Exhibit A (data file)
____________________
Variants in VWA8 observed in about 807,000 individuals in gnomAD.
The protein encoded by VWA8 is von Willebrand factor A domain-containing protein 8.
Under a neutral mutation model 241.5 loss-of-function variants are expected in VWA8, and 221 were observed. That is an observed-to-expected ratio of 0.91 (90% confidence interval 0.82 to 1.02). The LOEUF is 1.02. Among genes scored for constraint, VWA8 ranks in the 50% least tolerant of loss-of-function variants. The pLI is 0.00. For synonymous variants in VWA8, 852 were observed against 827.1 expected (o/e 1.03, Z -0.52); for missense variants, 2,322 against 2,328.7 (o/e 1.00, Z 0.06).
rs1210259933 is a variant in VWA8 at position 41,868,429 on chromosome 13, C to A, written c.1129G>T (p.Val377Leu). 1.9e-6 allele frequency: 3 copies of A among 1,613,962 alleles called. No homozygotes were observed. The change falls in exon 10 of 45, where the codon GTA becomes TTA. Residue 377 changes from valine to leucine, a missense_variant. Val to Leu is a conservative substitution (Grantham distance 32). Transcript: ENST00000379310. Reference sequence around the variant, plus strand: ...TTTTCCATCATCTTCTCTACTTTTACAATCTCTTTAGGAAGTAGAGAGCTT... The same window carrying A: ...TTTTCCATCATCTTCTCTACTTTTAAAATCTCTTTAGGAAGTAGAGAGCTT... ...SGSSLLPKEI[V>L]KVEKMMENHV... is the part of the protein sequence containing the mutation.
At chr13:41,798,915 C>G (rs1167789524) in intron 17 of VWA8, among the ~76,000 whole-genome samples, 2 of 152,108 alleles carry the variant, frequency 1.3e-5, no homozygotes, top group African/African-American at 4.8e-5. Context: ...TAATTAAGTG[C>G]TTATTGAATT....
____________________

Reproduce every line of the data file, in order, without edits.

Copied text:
Variants in VWA8 observed in about 807,000 individuals in gnomAD.
The protein encoded by VWA8 is von Willebrand factor A domain-containing protein 8.
Under a neutral mutation model 241.5 loss-of-function variants are expected in VWA8, and 221 were observed. That is an observed-to-expected ratio of 0.91 (90% confidence interval 0.82 to 1.02). The LOEUF is 1.02. Among genes scored for constraint, VWA8 ranks in the 50% least tolerant of loss-of-function variants. The pLI is 0.00. For synonymous variants in VWA8, 852 were observed against 827.1 expected (o/e 1.03, Z -0.52); for missense variants, 2,322 against 2,328.7 (o/e 1.00, Z 0.06).
rs1210259933 is a variant in VWA8 at position 41,868,429 on chromosome 13, C to A, written c.1129G>T (p.Val377Leu). 1.9e-6 allele frequency: 3 copies of A among 1,613,962 alleles called. No homozygotes were observed. The change falls in exon 10 of 45, where the codon GTA becomes TTA. Residue 377 changes from valine to leucine, a missense_variant. Val to Leu is a conservative substitution (Grantham distance 32). Transcript: ENST00000379310. Reference sequence around the variant, plus strand: ...TTTTCCATCATCTTCTCTACTTTTACAATCTCTTTAGGAAGTAGAGAGCTT... The same window carrying A: ...TTTTCCATCATCTTCTCTACTTTTAAAATCTCTTTAGGAAGTAGAGAGCTT... ...SGSSLLPKEI[V>L]KVEKMMENHV... is the part of the protein sequence containing the mutation.
At chr13:41,798,915 C>G (rs1167789524) in intron 17 of VWA8, among the ~76,000 whole-genome samples, 2 of 152,108 alleles carry the variant, frequency 1.3e-5, no homozygotes, top group African/African-American at 4.8e-5. Context: ...TAATTAAGTG[C>G]TTATTGAATT....